Secondly, Tides of Numenera takes many standard ideas from role playing games, like morality and choice, and adds interesting layers on top of these mechanics. The game’s ‘tides’ system (from the title, obviously), for example, is a five-way morality mechanic that sees you defining your character with dominant traits.
There’s gold, blue, silver, indigo and red, and your responses and actions will all have varying different effects. Gold is the dominant tide for charitable good deeds, for example, and the clearest way to identify your character as “good”. But with two dominant tides for your character, the system is far more nuanced than it is in similar games.
This was confusing to me at first, and in some cases still is, but the key is remembering that these are simply more in-depth versions of systems you’ve probably played around with before, just with silly names. Effort is the name for your points pool, for example, used for carrying out abilities both in and out of combat. Run out of effort and you’ll need to find some place to sleep.
Combat comes in the form of Crises, but these violent encounters are pretty rare. When combat does crop up you’ll find it to be “just okay” rather than excelling at any key function. It’s turn based and slow paced, playing a little like the aforementioned Divinity, but without the excitement and dynamism of that game’s punishing fights. In a way this is a shame, diminishing the scope of choices you want to make in any given scenario. On the other hand, this actually encourages you to stick to conversation, which is where Numenera is by far at its best.
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Regardless of the lacking combat, you’ll find that there’s a huge amount of choice packed into every part of the game. When I created my character I chose an ability that let me scan the thoughts of NPCs, meaning I can glean bits of information they otherwise wouldn’t reveal during conversations.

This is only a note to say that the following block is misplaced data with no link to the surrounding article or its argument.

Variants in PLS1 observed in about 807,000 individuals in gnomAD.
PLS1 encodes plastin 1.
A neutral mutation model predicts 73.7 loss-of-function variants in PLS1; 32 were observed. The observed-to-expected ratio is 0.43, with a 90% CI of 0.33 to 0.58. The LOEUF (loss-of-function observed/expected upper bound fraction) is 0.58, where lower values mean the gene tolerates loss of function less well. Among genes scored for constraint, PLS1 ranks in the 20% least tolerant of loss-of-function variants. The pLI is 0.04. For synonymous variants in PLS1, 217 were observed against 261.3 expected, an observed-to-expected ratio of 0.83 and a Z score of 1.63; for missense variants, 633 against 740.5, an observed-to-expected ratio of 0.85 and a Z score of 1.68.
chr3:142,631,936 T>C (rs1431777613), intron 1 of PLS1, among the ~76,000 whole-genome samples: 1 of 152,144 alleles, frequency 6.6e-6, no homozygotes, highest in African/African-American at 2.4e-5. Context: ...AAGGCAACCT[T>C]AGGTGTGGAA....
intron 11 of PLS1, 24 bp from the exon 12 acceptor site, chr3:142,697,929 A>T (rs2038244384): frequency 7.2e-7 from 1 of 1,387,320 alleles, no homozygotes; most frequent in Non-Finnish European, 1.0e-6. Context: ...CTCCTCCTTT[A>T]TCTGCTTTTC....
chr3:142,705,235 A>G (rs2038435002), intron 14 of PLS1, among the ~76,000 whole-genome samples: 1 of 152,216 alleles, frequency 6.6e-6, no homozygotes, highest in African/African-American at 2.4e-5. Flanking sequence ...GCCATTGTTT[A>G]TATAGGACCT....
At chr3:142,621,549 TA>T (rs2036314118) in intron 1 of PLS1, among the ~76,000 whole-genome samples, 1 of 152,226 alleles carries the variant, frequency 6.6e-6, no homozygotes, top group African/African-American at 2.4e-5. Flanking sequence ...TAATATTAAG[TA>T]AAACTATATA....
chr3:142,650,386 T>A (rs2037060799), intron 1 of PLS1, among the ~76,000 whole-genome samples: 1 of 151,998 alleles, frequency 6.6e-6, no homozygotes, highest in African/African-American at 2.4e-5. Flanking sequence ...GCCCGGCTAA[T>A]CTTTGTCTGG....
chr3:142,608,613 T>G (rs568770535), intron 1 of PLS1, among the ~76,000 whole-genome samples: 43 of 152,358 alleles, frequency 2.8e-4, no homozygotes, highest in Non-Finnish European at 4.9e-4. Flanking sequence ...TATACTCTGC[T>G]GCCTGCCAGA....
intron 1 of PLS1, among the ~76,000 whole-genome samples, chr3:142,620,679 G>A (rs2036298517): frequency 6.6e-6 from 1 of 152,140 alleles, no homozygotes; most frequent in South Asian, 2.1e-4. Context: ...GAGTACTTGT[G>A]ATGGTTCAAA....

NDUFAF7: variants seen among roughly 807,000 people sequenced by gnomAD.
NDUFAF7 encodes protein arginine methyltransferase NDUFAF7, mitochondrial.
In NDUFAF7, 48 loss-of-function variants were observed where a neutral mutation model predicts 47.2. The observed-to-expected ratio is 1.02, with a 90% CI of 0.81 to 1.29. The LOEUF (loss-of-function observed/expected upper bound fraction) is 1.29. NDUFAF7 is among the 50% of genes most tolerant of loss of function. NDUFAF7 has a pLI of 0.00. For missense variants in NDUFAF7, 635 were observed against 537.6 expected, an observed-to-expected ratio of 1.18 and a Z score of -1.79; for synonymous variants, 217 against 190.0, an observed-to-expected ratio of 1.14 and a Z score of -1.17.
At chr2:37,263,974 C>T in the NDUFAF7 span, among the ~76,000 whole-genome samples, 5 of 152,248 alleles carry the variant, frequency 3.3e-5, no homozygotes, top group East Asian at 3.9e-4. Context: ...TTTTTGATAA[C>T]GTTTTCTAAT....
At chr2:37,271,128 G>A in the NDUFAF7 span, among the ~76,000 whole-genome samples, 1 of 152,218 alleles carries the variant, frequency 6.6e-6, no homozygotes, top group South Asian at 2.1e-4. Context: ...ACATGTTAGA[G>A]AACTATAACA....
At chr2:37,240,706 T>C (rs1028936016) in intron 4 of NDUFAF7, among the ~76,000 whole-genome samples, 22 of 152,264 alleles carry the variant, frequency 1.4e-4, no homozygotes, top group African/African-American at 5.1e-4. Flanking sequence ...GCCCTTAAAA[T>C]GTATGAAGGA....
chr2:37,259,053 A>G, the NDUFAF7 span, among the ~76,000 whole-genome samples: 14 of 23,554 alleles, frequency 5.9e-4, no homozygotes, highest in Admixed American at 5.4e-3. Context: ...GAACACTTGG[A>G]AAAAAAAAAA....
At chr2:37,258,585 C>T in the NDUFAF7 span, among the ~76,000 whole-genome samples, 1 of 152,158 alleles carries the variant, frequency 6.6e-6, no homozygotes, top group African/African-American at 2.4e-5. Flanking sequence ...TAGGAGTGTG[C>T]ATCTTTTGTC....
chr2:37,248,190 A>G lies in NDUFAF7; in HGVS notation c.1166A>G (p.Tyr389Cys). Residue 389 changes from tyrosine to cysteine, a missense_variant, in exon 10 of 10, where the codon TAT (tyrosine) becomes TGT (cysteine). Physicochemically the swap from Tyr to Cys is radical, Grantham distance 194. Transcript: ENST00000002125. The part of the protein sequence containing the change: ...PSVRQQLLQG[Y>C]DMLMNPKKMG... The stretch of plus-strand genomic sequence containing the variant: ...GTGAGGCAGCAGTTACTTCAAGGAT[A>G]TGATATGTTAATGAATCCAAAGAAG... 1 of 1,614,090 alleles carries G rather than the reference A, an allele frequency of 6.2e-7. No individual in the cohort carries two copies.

Then, at one point later, I angered some Cultists who I tried (and failed) to deceive, which meant they treated me completely differently to how they were treating another player I’ve spoken to, comparing our different play-throughs of the game. Your own party will even make long lasting and often drastic decisions of their own based on how you approach the game, so you need to consider every single decision you make.
In my review in progress I also noted that the console version had some technical problems with low frame rate and a general sense of judder that left the action –– even the basic act of movement –– feeling unpleasant. Thankfully, none of those issues exist on PC where everything is really smooth. If you have the option of playing on PC, go for that. Console isn’t awful, but it’s worth noting that it’s clearly had some compromises in the port.
The result is a game that packs meaning into almost everything you do. It doesn’t surpass the emotional heights of its late 90s forebear, but Numenera’s incredibly distinct world and unique approach to gameplay offer something really untraditional to sink your time, thoughts and choices into. For RPG fans this is super exciting, and will be sure to entertain across multiple playthroughs over dozens, if not hundreds of hours.